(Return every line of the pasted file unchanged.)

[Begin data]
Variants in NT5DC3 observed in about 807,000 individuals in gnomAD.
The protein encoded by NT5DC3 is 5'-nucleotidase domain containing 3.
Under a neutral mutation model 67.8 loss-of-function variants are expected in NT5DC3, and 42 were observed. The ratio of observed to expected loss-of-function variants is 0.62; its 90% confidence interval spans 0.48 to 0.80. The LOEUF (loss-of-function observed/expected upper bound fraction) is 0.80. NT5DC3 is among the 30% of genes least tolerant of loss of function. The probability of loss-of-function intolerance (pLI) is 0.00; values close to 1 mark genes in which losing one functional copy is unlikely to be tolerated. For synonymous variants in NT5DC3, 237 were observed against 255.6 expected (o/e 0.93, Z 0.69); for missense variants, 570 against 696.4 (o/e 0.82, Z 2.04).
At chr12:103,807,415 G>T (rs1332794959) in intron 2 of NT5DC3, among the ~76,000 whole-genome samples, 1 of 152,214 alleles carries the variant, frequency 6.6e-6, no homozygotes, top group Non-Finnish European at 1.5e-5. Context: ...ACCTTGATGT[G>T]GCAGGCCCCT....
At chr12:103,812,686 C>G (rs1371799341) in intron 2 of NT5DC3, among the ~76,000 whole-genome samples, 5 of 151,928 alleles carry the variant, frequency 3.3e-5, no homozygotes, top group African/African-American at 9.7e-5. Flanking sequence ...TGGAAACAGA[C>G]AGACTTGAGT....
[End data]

Variants in NT5DC3 observed in about 807,000 individuals in gnomAD.
The protein encoded by NT5DC3 is 5'-nucleotidase domain containing 3.
Under a neutral mutation model 67.8 loss-of-function variants are expected in NT5DC3, and 42 were observed. The ratio of observed to expected loss-of-function variants is 0.62; its 90% confidence interval spans 0.48 to 0.80. The LOEUF (loss-of-function observed/expected upper bound fraction) is 0.80. NT5DC3 is among the 30% of genes least tolerant of loss of function. The probability of loss-of-function intolerance (pLI) is 0.00; values close to 1 mark genes in which losing one functional copy is unlikely to be tolerated. For synonymous variants in NT5DC3, 237 were observed against 255.6 expected (o/e 0.93, Z 0.69); for missense variants, 570 against 696.4 (o/e 0.82, Z 2.04).
At chr12:103,807,415 G>T (rs1332794959) in intron 2 of NT5DC3, among the ~76,000 whole-genome samples, 1 of 152,214 alleles carries the variant, frequency 6.6e-6, no homozygotes, top group Non-Finnish European at 1.5e-5. Context: ...ACCTTGATGT[G>T]GCAGGCCCCT....
At chr12:103,812,686 C>G (rs1371799341) in intron 2 of NT5DC3, among the ~76,000 whole-genome samples, 5 of 151,928 alleles carry the variant, frequency 3.3e-5, no homozygotes, top group African/African-American at 9.7e-5. Flanking sequence ...TGGAAACAGA[C>G]AGACTTGAGT....